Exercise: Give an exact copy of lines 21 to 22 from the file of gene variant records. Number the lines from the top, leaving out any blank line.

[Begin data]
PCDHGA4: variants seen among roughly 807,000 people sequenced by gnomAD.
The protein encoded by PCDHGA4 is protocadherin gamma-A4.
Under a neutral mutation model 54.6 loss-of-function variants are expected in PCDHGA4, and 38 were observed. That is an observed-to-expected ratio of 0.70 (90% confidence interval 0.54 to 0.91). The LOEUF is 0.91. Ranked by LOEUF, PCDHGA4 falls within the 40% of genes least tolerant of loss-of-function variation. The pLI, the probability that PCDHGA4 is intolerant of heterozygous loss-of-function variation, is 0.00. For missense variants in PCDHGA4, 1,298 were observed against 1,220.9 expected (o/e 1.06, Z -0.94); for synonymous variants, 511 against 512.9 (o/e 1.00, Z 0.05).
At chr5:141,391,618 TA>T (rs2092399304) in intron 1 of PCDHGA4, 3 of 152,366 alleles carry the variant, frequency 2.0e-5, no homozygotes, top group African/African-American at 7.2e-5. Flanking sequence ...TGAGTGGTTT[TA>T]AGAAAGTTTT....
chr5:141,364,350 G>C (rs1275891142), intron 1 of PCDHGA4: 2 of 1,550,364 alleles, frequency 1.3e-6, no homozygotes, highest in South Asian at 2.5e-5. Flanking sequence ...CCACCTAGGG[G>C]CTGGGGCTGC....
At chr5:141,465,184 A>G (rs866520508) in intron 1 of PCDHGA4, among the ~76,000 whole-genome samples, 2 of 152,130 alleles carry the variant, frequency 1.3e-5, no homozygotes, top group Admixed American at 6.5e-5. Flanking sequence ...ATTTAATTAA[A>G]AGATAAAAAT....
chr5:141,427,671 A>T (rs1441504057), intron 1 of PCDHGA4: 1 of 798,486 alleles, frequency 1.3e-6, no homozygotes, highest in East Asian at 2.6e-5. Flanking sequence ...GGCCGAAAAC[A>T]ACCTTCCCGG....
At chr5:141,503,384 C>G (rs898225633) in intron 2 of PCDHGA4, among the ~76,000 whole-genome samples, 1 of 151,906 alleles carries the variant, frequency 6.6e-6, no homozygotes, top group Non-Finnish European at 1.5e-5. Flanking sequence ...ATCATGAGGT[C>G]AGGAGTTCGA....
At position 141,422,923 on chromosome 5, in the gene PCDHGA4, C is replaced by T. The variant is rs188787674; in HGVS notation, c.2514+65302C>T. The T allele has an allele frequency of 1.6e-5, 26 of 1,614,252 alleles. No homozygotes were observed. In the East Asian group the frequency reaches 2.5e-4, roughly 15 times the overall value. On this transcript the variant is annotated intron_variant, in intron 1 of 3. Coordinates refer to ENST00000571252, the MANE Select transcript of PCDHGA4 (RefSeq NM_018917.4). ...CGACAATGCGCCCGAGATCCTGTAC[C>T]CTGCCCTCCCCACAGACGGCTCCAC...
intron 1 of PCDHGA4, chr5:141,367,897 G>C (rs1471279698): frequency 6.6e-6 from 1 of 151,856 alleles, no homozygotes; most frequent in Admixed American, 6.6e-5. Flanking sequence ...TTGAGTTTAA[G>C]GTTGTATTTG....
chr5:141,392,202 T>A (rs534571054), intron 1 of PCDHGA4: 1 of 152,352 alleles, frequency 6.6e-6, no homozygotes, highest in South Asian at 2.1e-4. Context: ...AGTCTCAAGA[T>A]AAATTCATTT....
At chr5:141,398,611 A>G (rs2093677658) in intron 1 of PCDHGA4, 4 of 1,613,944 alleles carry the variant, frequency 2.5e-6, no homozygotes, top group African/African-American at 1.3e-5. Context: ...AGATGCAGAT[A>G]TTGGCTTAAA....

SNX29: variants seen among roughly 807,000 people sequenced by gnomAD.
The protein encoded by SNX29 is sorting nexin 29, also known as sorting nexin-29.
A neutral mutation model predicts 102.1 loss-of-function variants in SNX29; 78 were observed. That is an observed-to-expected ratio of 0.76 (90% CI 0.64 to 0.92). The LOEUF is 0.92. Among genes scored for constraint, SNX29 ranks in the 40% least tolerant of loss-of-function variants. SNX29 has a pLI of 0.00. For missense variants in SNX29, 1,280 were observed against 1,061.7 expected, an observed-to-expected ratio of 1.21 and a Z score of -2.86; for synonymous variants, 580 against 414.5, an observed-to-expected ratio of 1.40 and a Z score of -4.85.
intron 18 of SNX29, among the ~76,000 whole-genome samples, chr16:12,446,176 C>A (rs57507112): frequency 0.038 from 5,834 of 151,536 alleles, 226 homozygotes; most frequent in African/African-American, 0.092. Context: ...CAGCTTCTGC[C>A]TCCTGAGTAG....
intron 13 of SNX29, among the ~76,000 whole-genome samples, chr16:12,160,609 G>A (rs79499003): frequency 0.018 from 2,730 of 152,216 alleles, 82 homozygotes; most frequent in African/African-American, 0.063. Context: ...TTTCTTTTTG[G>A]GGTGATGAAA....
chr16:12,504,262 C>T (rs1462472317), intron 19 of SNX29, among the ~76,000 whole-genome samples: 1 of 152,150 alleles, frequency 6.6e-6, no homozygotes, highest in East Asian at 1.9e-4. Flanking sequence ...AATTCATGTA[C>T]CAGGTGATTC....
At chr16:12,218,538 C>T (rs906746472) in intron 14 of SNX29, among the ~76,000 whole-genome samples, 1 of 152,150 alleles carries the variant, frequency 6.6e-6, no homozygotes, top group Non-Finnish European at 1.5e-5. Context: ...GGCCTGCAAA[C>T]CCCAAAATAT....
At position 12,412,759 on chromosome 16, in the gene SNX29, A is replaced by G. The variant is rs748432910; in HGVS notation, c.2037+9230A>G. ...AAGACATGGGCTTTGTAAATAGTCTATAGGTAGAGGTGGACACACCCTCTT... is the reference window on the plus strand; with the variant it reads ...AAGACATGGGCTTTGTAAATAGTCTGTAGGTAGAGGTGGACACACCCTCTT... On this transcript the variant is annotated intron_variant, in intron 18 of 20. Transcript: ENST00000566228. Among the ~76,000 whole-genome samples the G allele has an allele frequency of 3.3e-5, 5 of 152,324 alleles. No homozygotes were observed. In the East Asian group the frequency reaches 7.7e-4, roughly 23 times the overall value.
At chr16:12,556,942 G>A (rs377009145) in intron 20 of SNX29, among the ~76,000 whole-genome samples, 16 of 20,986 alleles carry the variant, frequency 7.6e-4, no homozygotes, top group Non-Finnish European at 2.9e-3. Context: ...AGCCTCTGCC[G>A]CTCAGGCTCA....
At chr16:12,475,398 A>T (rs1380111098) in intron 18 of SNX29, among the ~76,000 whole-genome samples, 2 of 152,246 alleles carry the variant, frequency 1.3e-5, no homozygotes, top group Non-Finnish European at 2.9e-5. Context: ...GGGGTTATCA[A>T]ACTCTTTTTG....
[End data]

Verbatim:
At chr16:12,556,942 G>A (rs377009145) in intron 20 of SNX29, among the ~76,000 whole-genome samples, 16 of 20,986 alleles carry the variant, frequency 7.6e-4, no homozygotes, top group Non-Finnish European at 2.9e-3. Context: ...AGCCTCTGCC[G>A]CTCAGGCTCA....
At chr16:12,475,398 A>T (rs1380111098) in intron 18 of SNX29, among the ~76,000 whole-genome samples, 2 of 152,246 alleles carry the variant, frequency 1.3e-5, no homozygotes, top group Non-Finnish European at 2.9e-5. Context: ...GGGGTTATCA[A>T]ACTCTTTTTG....